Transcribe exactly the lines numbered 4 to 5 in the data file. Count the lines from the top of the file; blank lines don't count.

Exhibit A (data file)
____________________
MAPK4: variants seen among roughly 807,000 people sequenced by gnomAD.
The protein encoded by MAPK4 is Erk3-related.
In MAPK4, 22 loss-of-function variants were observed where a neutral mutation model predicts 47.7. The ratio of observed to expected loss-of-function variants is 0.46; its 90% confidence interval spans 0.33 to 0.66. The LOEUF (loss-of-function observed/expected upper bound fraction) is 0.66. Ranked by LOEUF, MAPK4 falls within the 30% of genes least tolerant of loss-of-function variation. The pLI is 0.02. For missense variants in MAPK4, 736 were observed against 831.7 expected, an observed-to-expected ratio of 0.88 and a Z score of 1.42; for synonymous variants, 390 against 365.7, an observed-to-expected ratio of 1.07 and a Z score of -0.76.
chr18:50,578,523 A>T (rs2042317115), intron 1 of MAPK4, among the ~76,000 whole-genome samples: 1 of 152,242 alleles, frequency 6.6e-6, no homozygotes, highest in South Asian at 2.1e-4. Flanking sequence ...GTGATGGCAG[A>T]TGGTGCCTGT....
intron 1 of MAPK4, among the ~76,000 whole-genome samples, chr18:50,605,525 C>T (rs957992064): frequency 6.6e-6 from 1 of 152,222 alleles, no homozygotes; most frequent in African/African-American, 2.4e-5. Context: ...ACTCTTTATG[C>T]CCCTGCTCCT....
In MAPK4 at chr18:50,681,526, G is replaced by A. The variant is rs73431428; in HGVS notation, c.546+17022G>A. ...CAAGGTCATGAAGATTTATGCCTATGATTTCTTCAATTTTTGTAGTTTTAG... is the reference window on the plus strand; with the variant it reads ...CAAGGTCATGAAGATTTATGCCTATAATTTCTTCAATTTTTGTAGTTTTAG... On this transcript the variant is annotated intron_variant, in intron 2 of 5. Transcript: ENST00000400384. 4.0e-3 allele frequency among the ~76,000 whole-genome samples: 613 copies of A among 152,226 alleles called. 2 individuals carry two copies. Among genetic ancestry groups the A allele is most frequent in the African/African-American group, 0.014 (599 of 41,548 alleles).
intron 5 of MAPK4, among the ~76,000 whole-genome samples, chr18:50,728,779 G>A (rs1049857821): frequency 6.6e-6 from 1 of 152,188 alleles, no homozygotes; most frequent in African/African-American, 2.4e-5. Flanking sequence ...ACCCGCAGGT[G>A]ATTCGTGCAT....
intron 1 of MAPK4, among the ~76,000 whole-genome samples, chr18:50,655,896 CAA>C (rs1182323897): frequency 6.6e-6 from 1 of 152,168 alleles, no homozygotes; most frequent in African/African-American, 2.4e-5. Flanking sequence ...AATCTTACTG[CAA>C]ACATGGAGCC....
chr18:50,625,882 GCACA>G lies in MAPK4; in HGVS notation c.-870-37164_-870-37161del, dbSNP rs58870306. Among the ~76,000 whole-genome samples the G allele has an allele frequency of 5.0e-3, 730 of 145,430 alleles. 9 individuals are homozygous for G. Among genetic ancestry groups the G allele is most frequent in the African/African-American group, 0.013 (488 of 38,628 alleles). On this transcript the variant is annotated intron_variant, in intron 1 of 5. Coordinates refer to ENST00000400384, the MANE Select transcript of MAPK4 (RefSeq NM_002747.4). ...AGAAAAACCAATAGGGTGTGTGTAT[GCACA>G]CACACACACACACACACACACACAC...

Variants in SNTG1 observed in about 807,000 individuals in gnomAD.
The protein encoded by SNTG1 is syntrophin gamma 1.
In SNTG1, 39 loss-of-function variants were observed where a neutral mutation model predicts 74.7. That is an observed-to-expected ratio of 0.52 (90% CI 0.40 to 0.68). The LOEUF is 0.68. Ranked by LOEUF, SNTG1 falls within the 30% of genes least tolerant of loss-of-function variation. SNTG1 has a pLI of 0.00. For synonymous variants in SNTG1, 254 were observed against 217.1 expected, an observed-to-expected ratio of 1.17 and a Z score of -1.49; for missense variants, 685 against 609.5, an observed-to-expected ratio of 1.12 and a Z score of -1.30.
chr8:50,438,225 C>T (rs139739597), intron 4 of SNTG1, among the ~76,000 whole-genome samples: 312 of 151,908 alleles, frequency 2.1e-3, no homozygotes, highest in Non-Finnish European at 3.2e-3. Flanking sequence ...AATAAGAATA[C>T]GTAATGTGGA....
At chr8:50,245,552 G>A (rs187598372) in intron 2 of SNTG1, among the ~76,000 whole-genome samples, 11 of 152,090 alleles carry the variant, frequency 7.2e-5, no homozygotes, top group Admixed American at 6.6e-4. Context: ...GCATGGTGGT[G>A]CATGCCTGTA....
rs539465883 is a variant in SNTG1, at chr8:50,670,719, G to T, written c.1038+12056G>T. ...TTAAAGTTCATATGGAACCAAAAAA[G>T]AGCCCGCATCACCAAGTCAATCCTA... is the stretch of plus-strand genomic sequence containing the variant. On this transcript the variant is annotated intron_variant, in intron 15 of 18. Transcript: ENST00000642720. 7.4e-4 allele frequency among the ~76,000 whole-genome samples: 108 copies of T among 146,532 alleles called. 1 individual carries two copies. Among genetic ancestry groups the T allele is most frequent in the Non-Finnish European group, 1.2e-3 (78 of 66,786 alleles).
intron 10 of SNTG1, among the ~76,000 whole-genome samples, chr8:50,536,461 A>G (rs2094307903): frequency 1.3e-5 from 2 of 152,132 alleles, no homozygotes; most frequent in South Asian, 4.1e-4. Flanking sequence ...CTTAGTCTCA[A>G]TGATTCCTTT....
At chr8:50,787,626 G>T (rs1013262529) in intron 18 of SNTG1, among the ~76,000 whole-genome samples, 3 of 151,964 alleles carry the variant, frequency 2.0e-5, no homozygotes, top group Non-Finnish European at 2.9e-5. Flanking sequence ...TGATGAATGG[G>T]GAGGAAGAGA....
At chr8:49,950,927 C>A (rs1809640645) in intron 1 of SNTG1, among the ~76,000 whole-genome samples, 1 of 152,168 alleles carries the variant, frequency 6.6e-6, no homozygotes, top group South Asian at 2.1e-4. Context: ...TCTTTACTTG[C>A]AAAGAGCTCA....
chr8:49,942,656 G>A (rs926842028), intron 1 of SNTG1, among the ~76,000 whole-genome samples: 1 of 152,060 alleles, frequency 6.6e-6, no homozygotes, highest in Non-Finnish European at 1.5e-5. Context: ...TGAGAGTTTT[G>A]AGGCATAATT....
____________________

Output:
chr18:50,578,523 A>T (rs2042317115), intron 1 of MAPK4, among the ~76,000 whole-genome samples: 1 of 152,242 alleles, frequency 6.6e-6, no homozygotes, highest in South Asian at 2.1e-4. Flanking sequence ...GTGATGGCAG[A>T]TGGTGCCTGT....
intron 1 of MAPK4, among the ~76,000 whole-genome samples, chr18:50,605,525 C>T (rs957992064): frequency 6.6e-6 from 1 of 152,222 alleles, no homozygotes; most frequent in African/African-American, 2.4e-5. Context: ...ACTCTTTATG[C>T]CCCTGCTCCT....